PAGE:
Every time we head off on a trip I learn something new that I wish I had worked out a bit earlier.
Like that time I collapsed the awning because I didn’t angle it in torrential rain. You know, that kinda thing…
Anyways, from now on, whenever I work something new out I’ll add it to this list and ya never know, maybe I’ll save you learning the hard way at some point 🙂
Face your annex east when it’s hot!
Or, I should say away from wherever the sun is gonna go down!
I know, can’t believe it took me this long either. Luckily I was with a mate who has her head screwed on and she pointed it out.
Nothing worse than afternoon sun blasting under your awning on a warm day.
I use a compass app on my phone to make sure that everything is pointing in the right direction. Check it out on this list of handy apps for road tripping and camping.
Angle your awning when it rains.
I didn’t and came home to the whole thing collapsed and full of water.
Just lower one side so the water has an escape route.
I’ve also used it to catch a whole lot of drinking water when we were running low on an extended trip a little off the beaten track. It’s always good to have a clean bucket on hand in the case of rain.
Have a hot/wet weather mozzie plan.
It was hot and raining and there were midgies and mozzies and I couldn’t leave the door open without getting eaten and it sucked so bad.
I have screens up the top but they let the rain in.
Whatever you decide just spend a few minutes before you go thinking, if it’s pissing down, boiling hot and theres mozzies everywhere what is my plan gonna be…
Update: I have since bought a mozzie screen for the back door of the van and also the sliding door on the side.
If you are in a van and in Australia and you want something like this then get in touch with Pia at Southern Spirit Campervans.
They are based in Brisbane but can send you whatever you need via post and they have been really helpful when I’ve needed things for the van.
You can never have too many tea towels.
No more to be said there really, except there’s nothing worse than a stinky tea towel.
Slip on shoes for the kids.
Take smaller kids a pair of thongs or something similar that they can put on by themselves.
I spent ages putting shoes and socks on the kids over and over as there was a bit too much gravel to go without shoes altogether.
Something like thongs they could slip on and off quickly by themselves would have been a sanity saver.
Have a towel drying plan.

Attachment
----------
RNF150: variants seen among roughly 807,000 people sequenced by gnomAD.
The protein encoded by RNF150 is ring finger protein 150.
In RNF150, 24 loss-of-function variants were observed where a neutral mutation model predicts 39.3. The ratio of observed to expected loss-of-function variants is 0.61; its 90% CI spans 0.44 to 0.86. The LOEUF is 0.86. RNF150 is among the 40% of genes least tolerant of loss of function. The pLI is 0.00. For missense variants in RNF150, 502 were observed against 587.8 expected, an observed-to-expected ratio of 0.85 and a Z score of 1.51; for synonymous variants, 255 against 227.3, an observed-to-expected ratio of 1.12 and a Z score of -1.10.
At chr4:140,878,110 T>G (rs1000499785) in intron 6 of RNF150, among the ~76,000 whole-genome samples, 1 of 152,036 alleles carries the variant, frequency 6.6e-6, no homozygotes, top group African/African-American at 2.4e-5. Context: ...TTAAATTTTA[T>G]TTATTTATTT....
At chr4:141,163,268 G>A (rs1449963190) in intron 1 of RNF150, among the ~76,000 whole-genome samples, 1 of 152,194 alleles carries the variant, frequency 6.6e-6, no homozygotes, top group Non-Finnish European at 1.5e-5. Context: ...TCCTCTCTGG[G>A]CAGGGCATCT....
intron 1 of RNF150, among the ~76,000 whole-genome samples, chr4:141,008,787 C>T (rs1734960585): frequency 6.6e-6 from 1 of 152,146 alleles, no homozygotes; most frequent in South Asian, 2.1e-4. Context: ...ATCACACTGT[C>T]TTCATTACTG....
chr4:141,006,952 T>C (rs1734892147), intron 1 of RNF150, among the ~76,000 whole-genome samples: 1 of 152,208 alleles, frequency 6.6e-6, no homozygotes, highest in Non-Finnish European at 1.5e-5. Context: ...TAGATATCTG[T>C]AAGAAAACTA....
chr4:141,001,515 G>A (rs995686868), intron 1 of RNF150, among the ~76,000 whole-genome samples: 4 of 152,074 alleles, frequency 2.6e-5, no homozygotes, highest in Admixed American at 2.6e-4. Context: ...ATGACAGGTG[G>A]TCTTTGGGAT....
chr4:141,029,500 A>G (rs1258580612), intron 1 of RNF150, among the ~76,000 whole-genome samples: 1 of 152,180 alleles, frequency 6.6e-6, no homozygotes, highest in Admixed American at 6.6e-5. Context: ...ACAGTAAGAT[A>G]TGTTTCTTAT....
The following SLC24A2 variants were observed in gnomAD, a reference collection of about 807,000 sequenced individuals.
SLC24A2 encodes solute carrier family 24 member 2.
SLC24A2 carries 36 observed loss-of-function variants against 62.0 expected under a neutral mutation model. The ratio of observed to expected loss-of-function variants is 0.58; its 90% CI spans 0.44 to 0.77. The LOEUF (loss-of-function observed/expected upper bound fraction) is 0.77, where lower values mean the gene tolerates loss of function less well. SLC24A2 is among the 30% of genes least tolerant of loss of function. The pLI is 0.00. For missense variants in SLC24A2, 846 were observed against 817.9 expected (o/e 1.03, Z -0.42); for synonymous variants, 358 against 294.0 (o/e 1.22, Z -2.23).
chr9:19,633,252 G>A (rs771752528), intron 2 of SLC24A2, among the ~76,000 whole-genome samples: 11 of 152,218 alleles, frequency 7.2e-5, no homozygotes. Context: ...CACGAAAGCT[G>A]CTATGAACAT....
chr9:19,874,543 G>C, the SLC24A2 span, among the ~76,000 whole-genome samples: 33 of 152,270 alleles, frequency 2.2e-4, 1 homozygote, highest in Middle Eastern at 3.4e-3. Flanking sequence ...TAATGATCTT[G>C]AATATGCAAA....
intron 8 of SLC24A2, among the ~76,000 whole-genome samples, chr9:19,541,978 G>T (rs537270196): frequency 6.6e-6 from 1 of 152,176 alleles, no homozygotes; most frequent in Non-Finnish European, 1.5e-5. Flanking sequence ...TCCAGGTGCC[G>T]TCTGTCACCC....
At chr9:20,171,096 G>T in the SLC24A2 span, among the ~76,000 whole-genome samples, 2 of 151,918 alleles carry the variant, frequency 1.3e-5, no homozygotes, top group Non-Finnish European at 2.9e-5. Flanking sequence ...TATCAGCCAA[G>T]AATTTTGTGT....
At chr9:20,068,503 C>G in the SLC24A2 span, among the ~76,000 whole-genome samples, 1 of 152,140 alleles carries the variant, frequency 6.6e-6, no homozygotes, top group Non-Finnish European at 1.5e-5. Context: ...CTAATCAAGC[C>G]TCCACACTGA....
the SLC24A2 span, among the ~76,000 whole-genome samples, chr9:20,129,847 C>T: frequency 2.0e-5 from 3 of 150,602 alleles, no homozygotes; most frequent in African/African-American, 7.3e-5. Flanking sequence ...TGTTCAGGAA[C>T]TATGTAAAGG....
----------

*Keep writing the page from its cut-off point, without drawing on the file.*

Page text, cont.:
We stayed near the water recently and I spent the whole time trying to dry towels over the back of chairs or over rearview mirrors but it didn’t really cut it.
We have since invested in some microfibre travel towels, very handy indeed, they dry super fast and take up less room when packed too.
Head over to gear that makes camping with kids easier to check out the towels and some other handy gear.
Get a water filter that plugs into a hose.
This is another brainwave from the friend with her head screwed on mentioned above.
It means you can fill your drinking water up at random taps and know that your not drinking anything too dodgy.
There’s an example of a filter thats easy to use and pretty cost effective in the gear that makes camping with kids easier post.
Keep the pin for the toilet on your body!
When staying at a caravan park, write the pin number for the loos on your arm for day one (until you remember it)
Seriously, I must have trekked the length of the bloody park 6 times only to realize I left the paper with the pin on it back at camp. Infuriating!
Don’t choose the site next to a hazard when you have little kids.
If you do end up at a caravan park, don’t choose the site next to a busy road, deep water, high drop off!
It sounds so simple but it totally didn’t occur to me the first few times and I paid the price. Cue spending two days leaping up every five minutes to save one of the kids from getting run over.
Check out how to choose the most kid friendly site at a caravan park for some other ideas about what to avoid when you have little ones.
Never forget the potty/travel loo.
Both of our kids are cool with using a normal toilet now but when you are miles from the nearest loo, it’s late, or raining or you’re half asleep the potty/portable loo will be your friend.
We grabbed a Thunder Down Under from Bunnings for about $40 and it has been the best thing ever.
JJust make sure you ask for the bags and the sachets that go with it.
Get a big outdoor rug/mat for under the annex.
I thought it was a bit of a nice to have not a need to have.
Until we camped for two days on black sand. Total nightmare.
We picked one up for the last three days and it was great! Sand in the bed factor reduced tenfold.
If you want to get your hands on a really spunky outdoor mat then head over to the shop, I’ve got some gorgeous recycled plastic, lightweight, reversible options for sale.
A foot washing station.
We have a collapsable rectangular rubber tub that I fill with water and sit on a towel at the front door of the tent/van.
The kids know that they have to wash and dry their feet before they go anywhere near the bed, works a treat.
Keep the kids toys to a minimum.
I take less and less each trip when it comes to toys. They tend to be pretty occupied with a bucket and sticks/dirt/mud/water.
In saying that, I have managed to narrow down the list of stuff I do take to things that the kids love but also that pack down small. Check out road trip and camping toys that don’t take up too much space for some ideas.
If you have one of these babies in your camper or caravan remember that the fire is gonna set it off.
I know, derrrrrr right? But it honestly didn’t occur to me and I set up the most perfect camp, lit the most fab fire and then had to shift everything because the bloody smoke alarm was going off constantly.
Anything you learnt last trip that I need to know about? Let me know!
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